Driving While Impaired (DWI) – In Tennessee the offense of Driving While Impaired (Adult DWI) no longer exists. However, the term DWI if often used interchangeably in Tennessee and across the country with DUI (Driving Under the Influence). An individual in Tennessee who is under 21 years of age may be charged with the offense of Underage Driving While Impaired (DWI). This may occur if the underage defendant operates or is in physical control of a motor vehicle while under the influence of any intoxicant or while their blood alcohol content is .02% or more. This underage offense has very different penalties and consequences than an “adult” driving under the influence (DUI/DWI) case and should be discussed with a Tennessee attorney trained in the defense of Underage Driving While Impaired (UDWI) cases.
Felony DUI – In Tennessee, a fourth or subsequent offense DUI is characterized as a felony offense.
Field Sobriety Test (FST or SFST) – Field sobriety tests are physical coordination tests administered by a Tennessee police officer or other law enforcement agent as part of a Tennessee DUI investigation. The tests may be either standardized (SFSTs) or non-standardized (FSTs).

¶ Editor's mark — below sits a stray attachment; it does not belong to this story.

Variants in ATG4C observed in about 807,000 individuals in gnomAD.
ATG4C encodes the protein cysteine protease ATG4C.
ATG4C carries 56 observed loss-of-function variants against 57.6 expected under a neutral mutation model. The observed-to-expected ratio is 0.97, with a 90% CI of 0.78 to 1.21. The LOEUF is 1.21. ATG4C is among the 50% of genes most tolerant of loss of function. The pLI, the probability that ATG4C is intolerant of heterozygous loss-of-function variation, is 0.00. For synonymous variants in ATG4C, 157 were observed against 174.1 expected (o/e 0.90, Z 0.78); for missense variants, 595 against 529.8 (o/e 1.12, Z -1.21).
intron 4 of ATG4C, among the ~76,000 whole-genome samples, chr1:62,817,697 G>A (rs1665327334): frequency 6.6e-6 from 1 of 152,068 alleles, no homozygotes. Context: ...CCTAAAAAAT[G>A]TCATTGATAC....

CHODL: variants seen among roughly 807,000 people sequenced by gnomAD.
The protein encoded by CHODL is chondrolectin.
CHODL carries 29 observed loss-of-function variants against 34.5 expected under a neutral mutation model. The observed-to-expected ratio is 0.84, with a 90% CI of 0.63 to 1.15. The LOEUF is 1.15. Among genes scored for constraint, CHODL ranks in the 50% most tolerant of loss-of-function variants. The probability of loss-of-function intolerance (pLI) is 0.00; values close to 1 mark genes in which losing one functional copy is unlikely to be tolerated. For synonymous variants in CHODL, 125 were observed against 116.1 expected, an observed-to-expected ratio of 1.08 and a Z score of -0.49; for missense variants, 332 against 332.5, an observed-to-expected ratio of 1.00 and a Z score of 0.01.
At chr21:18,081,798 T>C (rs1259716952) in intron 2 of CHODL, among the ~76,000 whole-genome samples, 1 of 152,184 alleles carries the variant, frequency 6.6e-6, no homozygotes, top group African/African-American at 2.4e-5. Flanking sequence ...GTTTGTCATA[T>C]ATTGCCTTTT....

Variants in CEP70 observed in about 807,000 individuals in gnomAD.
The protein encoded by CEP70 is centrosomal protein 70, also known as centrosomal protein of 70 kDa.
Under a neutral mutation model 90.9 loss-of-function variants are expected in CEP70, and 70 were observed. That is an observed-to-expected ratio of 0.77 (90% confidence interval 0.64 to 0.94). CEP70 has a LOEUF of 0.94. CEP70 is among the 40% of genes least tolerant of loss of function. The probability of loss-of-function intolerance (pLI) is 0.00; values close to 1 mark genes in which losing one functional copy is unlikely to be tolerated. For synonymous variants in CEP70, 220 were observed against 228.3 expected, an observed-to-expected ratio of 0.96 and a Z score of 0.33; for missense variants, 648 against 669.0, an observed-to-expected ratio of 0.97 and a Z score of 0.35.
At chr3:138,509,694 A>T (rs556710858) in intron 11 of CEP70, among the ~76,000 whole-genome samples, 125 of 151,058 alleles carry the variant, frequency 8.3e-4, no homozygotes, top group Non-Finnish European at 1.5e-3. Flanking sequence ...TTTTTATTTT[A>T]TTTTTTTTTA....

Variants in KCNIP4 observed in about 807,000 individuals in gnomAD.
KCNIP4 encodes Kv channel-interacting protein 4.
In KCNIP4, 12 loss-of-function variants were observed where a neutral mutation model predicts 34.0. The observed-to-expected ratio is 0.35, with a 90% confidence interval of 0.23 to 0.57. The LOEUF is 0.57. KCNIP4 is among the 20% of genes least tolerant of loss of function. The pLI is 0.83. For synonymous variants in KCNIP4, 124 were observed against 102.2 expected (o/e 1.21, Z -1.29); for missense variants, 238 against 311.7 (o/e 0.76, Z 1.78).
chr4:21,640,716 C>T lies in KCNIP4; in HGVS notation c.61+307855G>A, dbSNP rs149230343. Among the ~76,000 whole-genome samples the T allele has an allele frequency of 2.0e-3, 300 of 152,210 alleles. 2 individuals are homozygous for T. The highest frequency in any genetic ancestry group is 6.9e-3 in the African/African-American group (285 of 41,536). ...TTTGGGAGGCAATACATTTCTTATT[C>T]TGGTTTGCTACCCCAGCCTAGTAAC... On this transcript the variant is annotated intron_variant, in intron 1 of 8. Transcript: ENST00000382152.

General Sessions Court – In Tennessee, the General Sessions Court has the authority (jurisdiction) to address both civil and criminal cases. Tennessee Driving Under the Influence (DUI) cases often begin in General Sessions Court. In fact, in some counties, including Knox County, Tennessee, one division of the General Sessions Court is designated to oversee only DUI cases.
Grand Jury – A Tennessee Grand Jury is comprised of 13 citizens (1 foreperson and 12 other grand jurors) who take an oath of secrecy. One purpose of the Grand Jury is to determine if probable cause exists for a criminal charge, such as Driving Under the Influence (DUI/DWI).